Monday, August 3, 2009

Hey, You Can’t Afford to Be Old Just Yet

According to a Hewitt Associates study, the median rate of return on 401(k) plans during 2008 was NEGATIVE 28.3 percent! The average 401(k) balance dropped from $79,600 to $57,200 at the end of 2008 – that’s a loss of $22,400 in just 12 months. Also, 44 percent of workers lost 30 percent or more of their savings.

In the 12 months following the stock market’s peak in October 2007, more than $1 TRILLION worth of stock value held in 401(k) and other qualified plans was wiped out, according to the Center for Retirement Research at Boston College.

If you have any investments in the stock market, I am willing to bet that you’ve called – or been calling – your financial adviser, paid close attention to the experts on TV, scoured websites, and/or devoured newspaper columns and financial magazines looking for some sort of cure for your depleting assets.

The Fallacy

I am also pretty sure that if your financial adviser mustered the courage to call you back, his or her response went something like this: “Your losses are only on paper. Focus on the long term, because in the long term – whenever that is – you’ll be okay.”

In essence, the message to you – which is really no kind of solution – is that you cannot afford to be old yet (i.e., think long term). You must delay retirement. But what if you are already retired? Are you still to wait for the long term?

The truth is, your losses – as well as those of millions of other investors just like you – are REAL. Once you lose in the stock market, that investment is lost forever. When the market recovers, you don't get the “old” money back; it is “new” money that comes in to replace the old.

These so-called financial experts cannot and should not be telling investors – or even implying – that if they hold their stocks long enough, the risk will disappear and they’ll always end up in great shape.

What Is Long-Term, REALLY?

As an investor, you want to ask this question of your advisor, so at least you can know their perception of the answer: “Mr./Ms. Advisor, how long, exactly, is this “long-term” you’re referring to?”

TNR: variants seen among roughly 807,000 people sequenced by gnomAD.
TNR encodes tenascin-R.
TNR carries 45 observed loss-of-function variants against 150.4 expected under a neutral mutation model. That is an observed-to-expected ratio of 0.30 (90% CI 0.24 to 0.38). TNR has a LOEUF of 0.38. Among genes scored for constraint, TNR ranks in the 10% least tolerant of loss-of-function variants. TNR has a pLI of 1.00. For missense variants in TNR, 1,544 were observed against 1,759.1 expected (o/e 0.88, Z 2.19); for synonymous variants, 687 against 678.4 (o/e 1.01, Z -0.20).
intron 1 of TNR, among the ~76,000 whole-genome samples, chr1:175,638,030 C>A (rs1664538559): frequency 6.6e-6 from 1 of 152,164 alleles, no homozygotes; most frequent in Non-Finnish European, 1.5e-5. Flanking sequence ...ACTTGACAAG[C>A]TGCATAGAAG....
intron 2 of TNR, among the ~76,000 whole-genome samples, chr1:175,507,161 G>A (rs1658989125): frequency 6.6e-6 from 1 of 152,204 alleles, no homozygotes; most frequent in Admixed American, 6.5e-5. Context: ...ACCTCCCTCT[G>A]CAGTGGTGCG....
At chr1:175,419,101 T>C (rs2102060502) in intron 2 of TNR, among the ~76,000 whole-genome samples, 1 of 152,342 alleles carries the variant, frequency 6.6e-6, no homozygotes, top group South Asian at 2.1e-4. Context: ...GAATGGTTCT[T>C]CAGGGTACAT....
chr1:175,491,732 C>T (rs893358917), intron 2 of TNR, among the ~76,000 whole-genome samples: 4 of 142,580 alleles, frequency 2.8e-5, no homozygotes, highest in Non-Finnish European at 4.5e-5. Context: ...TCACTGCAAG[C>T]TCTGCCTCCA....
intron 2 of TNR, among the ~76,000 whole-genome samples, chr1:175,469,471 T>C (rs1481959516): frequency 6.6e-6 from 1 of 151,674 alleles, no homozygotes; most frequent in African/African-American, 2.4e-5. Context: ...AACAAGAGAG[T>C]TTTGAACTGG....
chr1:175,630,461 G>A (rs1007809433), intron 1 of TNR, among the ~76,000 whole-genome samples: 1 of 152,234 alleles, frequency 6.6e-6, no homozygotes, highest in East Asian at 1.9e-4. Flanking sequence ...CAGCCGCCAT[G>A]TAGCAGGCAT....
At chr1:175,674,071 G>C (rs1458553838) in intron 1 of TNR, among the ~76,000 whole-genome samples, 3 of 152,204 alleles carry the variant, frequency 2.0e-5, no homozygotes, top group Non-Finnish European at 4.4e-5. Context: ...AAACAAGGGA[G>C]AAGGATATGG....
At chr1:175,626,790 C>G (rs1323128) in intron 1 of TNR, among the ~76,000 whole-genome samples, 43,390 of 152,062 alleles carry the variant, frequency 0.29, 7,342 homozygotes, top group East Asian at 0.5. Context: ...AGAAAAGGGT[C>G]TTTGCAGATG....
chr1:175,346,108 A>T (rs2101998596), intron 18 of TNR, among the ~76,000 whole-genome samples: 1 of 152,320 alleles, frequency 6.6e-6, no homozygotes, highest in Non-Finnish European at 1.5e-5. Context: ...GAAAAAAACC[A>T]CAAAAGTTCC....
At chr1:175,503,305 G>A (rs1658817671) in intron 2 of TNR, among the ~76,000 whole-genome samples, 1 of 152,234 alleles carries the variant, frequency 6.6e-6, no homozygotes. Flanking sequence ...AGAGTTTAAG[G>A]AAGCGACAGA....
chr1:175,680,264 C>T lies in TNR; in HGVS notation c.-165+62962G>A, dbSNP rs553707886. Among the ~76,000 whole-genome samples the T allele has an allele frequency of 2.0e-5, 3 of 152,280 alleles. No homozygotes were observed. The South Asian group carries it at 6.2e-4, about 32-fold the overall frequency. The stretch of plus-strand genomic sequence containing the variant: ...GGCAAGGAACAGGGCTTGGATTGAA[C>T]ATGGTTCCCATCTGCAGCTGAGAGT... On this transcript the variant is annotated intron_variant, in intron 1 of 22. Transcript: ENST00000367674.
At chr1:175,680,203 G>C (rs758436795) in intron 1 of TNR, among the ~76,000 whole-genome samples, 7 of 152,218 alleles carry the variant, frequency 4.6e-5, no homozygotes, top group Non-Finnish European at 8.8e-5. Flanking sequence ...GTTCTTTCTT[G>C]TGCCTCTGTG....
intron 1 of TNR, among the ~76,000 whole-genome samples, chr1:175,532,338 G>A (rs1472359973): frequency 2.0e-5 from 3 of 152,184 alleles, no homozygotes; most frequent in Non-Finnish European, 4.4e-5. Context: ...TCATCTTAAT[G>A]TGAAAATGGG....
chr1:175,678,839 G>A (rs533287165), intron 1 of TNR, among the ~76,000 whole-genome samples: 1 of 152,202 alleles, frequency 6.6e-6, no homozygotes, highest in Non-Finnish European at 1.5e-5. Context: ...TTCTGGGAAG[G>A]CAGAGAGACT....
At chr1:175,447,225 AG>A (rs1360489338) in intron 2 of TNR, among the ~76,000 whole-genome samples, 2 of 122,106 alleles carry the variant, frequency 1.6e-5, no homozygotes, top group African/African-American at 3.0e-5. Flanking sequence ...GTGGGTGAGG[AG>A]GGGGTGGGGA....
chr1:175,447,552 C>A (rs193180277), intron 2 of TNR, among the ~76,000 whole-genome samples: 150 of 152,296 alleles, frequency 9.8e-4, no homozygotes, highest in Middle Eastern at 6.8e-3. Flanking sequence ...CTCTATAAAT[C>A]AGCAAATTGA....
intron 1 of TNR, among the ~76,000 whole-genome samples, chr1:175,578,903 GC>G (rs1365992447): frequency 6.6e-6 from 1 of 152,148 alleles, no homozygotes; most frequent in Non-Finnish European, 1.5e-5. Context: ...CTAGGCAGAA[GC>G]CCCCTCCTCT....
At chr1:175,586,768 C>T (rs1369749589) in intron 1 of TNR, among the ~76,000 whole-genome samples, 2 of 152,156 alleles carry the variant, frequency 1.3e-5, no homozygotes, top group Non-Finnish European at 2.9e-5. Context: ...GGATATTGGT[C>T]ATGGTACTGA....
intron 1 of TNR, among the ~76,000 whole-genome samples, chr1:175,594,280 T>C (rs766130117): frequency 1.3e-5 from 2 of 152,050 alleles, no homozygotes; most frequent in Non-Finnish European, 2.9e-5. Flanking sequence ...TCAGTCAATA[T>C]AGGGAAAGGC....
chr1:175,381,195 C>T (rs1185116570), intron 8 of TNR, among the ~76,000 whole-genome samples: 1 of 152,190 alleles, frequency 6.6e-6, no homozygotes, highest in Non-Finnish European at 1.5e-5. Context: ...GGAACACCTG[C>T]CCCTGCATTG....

The fact is that investors who had their money in the stock market for 3 years or 30 years, alike, all lost significant portions of their nest eggs. So to profess that simply thinking long term is the answer is, frankly, false and bizarre.

Let me say it once again. Common sense tells me that you should NOT leave your retirement to chance. As a financial strategist, I have never suggested that it is in the best interest of my investors to put their retirement funds directly into the stock market – via stocks or mutual funds, because retirement is certain, and people’s livelihoods should be, as well. We therefore recommend and help our clients secure less volatile, more stable investments.

Imagine playing cards or slots at a casino where, at the end of your play, you were guaranteed to leave with no less than all the money you entered with (principal), plus 1 or 2 percent more. On the other hand, if you won, you got to keep all of your gains, up to a cap of 12 or 15 percent.

Is that an arrangement you could live with? This is precisely the strategy we advise for our clients.

Here is the million-dollar question: If you had been utilizing a strategy like ours during the market’s recent downturn, where would your retirement assets be today?
Find out how to protect your investments and banish this idea of "long term" forever. Call us today for your free consultation (301-949-4449) or visit our Web site:


  1. GREAT blog, Samuel!!

  2. I had no 401K I lost nothing and even got a raise, as long as I have breath in my body and tools in my box I'll have a way to make money. F-the stock market


Chime in with your comments or questions: